Jaakow Jizchak Horowitz

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Jaakow Jizchak Horowitz (* 1745 in Józefów ; † August 9, 1815 in Lublin ; Hebrew : יעקב יצחק הורוביץ , Polish : Jakub Izaak Horowicz ), later also the "seer" or "sage of Lublin" (Choseh, החוזה ןןלוב honored as a tzaddik , was a Polish Rebbe who contributed significantly to the development of Hasidism . He worked in Congress Poland and Galicia , especially in Lublin. His grave in the Lublin Jewish cemetery became a place of pilgrimage for believers from all over the world.

life and work

Jaakow Jizchak was a student of Samuel Horowitz from Nikolsburg , of Dow Bär von Mesritsch and Levi Jizchak von Berditschew . His most important teacher was Elimelech von Lyschansk , against whom he finally revolted - while he was still alive he began to lead his own group of Hasidim. He first worked in Łańcut and Rozwadów , then moved to Czechów, a suburb of Lublin, and finally to Lublin itself in the 1790s. He was famous as a tzaddik and faith healer and played a major role in the spread of Hasidism in Congress Poland and Galicia. He did not establish a dynasty of his own, but most of the Polish and Galician tzaddikim in the first half of the 19th century were his students. His followers came from different social classes, and Yitzchak Meir Alter , the founder of the Ger movement, described him as “everyone's rabbi”. Many of his disciples testified to his ability to discern a person's intentions in his actions, foresee events, and reveal the origins of a human soul in its various reincarnations . He was therefore posthumously nicknamed "Seer of Lublin".

Yaakov Jizchak was attacked by the "Mitnagdim", the opponents of Hasidism, both in and outside Lublin. Another of his critics was Asriel Horowitz, the Lublin rabbi.

According to Hasidic tradition, the seer of Lublin saw Napoleon's invasion of Russia in 1812, which aroused strong messianic expectations in Poland and Galicia, as a harbinger of the battle between Gog and Magog and intended to ally with other tzaddikim for redemption to advance.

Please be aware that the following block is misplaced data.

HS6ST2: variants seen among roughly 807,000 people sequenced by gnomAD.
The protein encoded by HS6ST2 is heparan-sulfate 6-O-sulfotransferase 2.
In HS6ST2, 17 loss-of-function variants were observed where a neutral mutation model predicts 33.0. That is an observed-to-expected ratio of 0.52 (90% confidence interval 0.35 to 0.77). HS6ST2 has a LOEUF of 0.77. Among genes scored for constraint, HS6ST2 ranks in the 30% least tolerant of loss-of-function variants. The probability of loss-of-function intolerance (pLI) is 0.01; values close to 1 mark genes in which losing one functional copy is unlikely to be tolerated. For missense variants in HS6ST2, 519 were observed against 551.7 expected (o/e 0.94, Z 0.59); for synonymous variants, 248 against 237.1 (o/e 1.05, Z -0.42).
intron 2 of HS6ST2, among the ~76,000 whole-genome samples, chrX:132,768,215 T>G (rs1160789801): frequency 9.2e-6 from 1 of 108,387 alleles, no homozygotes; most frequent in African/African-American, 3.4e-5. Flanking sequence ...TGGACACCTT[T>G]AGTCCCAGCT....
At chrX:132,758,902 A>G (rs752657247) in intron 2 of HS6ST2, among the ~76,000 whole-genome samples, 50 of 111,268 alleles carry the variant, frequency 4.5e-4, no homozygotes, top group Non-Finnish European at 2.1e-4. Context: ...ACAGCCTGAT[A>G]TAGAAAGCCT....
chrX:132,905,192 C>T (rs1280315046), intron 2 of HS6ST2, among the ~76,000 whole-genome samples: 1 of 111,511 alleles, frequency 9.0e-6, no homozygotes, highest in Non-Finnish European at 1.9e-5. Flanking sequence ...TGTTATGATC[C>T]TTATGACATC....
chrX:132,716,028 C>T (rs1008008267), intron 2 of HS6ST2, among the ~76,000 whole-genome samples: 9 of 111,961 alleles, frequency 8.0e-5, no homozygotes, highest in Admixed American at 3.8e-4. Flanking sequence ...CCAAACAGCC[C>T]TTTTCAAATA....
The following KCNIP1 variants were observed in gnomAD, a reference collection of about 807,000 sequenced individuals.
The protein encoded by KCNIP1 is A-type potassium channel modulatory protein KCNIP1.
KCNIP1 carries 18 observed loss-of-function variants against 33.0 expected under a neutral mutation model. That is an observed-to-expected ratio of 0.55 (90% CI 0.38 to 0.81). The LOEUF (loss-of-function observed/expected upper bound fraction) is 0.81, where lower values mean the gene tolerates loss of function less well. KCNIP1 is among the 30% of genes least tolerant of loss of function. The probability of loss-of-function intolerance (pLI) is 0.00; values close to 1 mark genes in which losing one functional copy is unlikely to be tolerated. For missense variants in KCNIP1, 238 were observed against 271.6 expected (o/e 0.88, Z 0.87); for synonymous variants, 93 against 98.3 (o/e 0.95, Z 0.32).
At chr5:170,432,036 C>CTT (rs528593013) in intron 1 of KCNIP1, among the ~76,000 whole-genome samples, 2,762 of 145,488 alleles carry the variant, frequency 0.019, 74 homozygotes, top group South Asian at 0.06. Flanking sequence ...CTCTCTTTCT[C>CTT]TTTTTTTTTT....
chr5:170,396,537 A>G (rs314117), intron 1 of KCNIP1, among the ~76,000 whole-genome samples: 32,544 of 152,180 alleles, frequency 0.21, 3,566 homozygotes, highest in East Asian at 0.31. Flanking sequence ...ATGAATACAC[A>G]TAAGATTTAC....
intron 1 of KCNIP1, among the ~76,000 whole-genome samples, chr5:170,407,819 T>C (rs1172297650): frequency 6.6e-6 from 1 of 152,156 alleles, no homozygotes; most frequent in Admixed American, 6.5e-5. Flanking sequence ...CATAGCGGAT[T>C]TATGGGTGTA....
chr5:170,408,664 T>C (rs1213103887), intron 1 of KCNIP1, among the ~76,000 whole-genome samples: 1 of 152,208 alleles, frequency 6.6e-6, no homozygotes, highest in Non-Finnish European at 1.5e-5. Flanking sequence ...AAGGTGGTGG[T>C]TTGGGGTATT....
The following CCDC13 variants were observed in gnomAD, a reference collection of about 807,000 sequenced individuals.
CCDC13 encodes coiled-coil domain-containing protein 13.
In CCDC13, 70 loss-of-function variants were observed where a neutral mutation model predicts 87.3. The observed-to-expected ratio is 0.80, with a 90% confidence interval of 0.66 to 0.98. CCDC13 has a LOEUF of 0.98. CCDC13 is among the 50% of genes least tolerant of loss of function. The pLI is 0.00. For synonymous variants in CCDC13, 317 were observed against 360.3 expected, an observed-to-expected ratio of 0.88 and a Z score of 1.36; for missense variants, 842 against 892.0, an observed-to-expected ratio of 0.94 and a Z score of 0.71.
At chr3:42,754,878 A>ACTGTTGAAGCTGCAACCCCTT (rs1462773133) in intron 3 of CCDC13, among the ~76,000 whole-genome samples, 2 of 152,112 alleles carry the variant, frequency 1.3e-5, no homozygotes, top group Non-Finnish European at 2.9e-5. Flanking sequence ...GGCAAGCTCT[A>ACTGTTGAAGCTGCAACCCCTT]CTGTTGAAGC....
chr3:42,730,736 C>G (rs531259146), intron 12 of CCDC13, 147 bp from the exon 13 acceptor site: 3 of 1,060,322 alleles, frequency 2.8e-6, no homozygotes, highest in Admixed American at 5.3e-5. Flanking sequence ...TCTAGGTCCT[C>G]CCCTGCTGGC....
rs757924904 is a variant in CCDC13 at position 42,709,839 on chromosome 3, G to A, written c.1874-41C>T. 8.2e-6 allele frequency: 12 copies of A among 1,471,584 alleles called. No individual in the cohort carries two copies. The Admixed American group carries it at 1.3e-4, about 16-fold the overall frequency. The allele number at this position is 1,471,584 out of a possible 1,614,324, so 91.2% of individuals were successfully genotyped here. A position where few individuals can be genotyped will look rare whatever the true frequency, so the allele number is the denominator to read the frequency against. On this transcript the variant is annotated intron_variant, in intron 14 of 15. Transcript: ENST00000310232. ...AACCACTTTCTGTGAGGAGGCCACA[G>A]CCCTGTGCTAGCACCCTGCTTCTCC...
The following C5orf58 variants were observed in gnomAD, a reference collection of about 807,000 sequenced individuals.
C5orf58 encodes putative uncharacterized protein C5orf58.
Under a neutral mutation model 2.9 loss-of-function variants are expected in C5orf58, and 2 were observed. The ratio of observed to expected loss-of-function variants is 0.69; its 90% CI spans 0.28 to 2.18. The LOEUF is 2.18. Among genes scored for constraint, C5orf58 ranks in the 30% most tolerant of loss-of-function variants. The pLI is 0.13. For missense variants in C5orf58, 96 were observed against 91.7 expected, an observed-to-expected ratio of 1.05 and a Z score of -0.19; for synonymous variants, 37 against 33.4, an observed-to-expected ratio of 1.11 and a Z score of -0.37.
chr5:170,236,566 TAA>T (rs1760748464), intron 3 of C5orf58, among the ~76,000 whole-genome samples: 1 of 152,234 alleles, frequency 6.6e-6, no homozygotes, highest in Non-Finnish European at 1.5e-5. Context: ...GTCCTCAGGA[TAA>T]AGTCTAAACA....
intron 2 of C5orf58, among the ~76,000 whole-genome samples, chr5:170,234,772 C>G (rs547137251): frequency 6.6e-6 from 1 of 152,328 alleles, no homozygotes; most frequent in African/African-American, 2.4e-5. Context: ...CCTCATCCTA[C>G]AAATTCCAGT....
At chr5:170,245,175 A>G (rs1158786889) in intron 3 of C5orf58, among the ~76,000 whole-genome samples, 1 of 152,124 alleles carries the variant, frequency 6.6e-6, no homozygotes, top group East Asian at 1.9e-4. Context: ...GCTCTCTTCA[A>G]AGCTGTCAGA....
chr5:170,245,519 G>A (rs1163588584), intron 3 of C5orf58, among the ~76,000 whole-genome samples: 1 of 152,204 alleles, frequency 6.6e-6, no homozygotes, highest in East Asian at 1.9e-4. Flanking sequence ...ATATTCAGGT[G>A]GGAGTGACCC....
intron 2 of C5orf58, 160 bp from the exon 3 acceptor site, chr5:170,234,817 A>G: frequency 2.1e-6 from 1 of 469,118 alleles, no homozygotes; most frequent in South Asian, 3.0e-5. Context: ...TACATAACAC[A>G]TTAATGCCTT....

Well-known writings by Jaakow Jizchak Horowitz are:

  • Divrei Emet
  • Zot Zikaron
  • Zikaron Zot
  • Zikaron Tov

"Practical" Hasidism

According to Elimelech of Lyshansk, Yaakov Yitzchak emphasized the "practical" work of the tzaddik and emphasized his duty to provide for the "life and livelihood" of his "children", namely the Hasidic community. From the conviction that spiritual wealth presupposes material abundance, he concluded that a person who wants to turn to God first needs help in order to be able to meet his material needs. The tzaddik should "have great abundance and a comfortable lifestyle so that people are free to worship". He also said that "when the body experiences pleasure, the soul also enjoys spiritual wealth" (in Or la-Shamajim , 1850). For Jaakow Jizchak and his teachings, the element of learning was of little importance. His focus was on the relationships between humans and fellow human beings, which were of particular importance to him in the secret world order. He saw humility as a metaphysical element and emphasized the virtue of "love for Israel", which was an important principle even in early Hasidism.

Towards the end of his life, Yaakov Yitzchak suffered from a severe crisis resulting from his management style. This led to a split among the Lublin Hasidim into a group that emphasized the efforts for spiritual perfection and constant devotion to God, and another group, for which the focus was on the efforts of the tzaddik to care for the mass of Hasidim. Although Yaakov Yitzchak felt the disappointment of his best students, he did not change his method. This led to a controversy with his most talented student, Yaakov Jizchak von Przysucha , who could not be satisfied with the “practical” character of Lublin Hasidism, which often degenerated into magical activities to improve material living conditions. From this controversy, the Kotzker Rebbe School developed in the following decades .


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